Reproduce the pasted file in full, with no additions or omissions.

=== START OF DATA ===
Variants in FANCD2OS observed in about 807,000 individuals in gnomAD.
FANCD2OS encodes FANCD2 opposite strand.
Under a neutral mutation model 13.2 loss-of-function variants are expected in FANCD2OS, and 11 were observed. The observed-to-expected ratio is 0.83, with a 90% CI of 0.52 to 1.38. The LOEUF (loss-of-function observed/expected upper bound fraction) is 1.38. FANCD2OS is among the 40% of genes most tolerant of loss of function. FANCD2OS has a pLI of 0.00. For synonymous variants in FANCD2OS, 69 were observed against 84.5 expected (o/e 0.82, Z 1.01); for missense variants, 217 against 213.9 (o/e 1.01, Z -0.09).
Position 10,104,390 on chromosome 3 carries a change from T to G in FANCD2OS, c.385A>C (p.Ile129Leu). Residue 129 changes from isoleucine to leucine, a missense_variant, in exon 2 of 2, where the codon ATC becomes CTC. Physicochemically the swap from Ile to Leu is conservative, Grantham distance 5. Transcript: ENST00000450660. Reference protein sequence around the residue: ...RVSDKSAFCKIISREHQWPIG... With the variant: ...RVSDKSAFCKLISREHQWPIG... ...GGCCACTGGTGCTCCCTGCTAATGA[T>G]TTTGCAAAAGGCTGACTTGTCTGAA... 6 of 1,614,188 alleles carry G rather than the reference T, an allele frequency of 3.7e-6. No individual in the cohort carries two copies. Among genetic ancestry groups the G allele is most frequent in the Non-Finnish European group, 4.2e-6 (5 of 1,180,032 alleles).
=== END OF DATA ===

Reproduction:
Variants in FANCD2OS observed in about 807,000 individuals in gnomAD.
FANCD2OS encodes FANCD2 opposite strand.
Under a neutral mutation model 13.2 loss-of-function variants are expected in FANCD2OS, and 11 were observed. The observed-to-expected ratio is 0.83, with a 90% CI of 0.52 to 1.38. The LOEUF (loss-of-function observed/expected upper bound fraction) is 1.38. FANCD2OS is among the 40% of genes most tolerant of loss of function. FANCD2OS has a pLI of 0.00. For synonymous variants in FANCD2OS, 69 were observed against 84.5 expected (o/e 0.82, Z 1.01); for missense variants, 217 against 213.9 (o/e 1.01, Z -0.09).
Position 10,104,390 on chromosome 3 carries a change from T to G in FANCD2OS, c.385A>C (p.Ile129Leu). Residue 129 changes from isoleucine to leucine, a missense_variant, in exon 2 of 2, where the codon ATC becomes CTC. Physicochemically the swap from Ile to Leu is conservative, Grantham distance 5. Transcript: ENST00000450660. Reference protein sequence around the residue: ...RVSDKSAFCKIISREHQWPIG... With the variant: ...RVSDKSAFCKLISREHQWPIG... ...GGCCACTGGTGCTCCCTGCTAATGA[T>G]TTTGCAAAAGGCTGACTTGTCTGAA... 6 of 1,614,188 alleles carry G rather than the reference T, an allele frequency of 3.7e-6. No individual in the cohort carries two copies. Among genetic ancestry groups the G allele is most frequent in the Non-Finnish European group, 4.2e-6 (5 of 1,180,032 alleles).